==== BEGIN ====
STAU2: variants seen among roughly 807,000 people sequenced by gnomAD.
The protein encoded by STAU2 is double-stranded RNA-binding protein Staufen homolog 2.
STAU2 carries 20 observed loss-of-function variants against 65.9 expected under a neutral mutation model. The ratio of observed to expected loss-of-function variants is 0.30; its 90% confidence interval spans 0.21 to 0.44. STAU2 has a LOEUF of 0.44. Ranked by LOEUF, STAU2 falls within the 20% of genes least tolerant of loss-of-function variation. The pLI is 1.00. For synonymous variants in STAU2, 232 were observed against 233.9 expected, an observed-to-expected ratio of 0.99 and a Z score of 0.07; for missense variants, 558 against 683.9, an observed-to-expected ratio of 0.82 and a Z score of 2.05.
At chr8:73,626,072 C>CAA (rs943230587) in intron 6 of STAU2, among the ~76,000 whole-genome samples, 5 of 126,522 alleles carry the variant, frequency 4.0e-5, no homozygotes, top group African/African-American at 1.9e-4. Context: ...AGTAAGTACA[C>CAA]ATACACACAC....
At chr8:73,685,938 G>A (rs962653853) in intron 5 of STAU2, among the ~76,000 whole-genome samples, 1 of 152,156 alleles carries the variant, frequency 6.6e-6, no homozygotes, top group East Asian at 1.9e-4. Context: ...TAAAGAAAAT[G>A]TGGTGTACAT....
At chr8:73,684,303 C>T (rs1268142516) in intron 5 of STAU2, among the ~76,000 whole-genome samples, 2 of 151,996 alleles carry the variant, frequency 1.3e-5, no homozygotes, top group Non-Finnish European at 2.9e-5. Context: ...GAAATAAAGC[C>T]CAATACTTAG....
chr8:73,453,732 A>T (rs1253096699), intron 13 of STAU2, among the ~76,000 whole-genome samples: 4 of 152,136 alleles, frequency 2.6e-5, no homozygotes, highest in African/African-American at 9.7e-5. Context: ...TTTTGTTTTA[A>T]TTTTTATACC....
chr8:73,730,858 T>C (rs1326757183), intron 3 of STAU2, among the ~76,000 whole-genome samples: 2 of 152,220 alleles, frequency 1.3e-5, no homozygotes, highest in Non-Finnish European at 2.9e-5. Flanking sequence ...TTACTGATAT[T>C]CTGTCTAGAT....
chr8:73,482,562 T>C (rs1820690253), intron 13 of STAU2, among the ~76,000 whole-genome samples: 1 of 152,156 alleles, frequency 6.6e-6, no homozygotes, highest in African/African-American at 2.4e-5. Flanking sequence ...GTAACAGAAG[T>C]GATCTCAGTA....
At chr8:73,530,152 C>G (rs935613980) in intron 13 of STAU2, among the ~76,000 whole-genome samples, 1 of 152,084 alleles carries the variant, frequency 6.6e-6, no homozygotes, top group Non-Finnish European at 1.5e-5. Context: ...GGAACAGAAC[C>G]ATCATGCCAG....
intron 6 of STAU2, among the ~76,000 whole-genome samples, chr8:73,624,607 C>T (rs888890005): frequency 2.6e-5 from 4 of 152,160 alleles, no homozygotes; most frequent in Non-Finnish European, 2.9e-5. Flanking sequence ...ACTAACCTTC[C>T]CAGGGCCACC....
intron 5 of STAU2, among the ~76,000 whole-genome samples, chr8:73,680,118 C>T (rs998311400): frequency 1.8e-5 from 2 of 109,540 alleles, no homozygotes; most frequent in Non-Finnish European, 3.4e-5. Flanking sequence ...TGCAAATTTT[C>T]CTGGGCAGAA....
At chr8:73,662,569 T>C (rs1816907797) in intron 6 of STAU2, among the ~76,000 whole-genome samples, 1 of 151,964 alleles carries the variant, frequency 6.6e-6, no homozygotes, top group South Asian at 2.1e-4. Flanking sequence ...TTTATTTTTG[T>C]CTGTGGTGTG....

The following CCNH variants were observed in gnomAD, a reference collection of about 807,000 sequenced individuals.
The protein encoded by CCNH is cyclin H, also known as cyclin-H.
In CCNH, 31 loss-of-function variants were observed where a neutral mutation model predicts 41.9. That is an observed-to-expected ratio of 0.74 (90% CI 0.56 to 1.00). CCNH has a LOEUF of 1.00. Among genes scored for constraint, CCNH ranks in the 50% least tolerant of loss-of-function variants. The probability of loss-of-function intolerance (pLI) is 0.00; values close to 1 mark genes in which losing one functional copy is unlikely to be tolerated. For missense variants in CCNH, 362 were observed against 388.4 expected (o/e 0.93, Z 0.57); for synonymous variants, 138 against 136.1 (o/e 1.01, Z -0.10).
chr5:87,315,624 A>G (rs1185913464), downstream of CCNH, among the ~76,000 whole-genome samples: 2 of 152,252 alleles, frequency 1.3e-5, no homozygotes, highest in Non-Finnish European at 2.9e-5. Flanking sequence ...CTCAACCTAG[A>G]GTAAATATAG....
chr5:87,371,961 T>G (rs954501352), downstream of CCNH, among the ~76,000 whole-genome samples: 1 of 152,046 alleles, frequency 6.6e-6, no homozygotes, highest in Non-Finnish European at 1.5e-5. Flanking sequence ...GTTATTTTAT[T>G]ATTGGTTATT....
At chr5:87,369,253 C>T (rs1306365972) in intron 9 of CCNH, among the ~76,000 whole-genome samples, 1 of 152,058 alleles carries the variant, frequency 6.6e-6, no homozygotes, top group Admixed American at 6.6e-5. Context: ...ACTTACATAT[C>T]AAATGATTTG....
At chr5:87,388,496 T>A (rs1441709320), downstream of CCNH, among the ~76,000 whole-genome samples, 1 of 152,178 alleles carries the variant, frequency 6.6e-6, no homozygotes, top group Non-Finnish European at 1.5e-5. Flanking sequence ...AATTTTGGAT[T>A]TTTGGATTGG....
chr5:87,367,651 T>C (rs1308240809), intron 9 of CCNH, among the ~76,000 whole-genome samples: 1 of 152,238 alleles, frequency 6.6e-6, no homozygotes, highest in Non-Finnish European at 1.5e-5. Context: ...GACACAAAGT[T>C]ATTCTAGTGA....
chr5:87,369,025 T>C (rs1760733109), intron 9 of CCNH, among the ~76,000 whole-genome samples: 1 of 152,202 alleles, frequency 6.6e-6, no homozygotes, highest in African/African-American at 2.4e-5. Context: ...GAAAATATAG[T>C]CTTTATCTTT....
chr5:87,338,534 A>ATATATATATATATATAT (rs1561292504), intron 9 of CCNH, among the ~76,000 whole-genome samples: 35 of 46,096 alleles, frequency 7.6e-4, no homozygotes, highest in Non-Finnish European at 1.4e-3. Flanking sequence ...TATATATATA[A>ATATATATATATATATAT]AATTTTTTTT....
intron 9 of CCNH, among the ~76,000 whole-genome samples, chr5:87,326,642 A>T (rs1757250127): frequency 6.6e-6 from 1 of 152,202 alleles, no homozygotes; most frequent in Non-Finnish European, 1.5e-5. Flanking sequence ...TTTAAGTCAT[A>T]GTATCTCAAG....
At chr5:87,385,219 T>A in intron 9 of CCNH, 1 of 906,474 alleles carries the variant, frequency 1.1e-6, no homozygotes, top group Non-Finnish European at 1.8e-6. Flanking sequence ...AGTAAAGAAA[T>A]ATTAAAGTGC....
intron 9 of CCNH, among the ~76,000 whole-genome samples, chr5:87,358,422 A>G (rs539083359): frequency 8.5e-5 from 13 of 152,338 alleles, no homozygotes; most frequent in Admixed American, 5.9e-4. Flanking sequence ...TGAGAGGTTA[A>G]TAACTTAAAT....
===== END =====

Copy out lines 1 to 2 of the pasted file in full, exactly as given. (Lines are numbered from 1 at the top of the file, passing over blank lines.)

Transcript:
STAU2: variants seen among roughly 807,000 people sequenced by gnomAD.
The protein encoded by STAU2 is double-stranded RNA-binding protein Staufen homolog 2.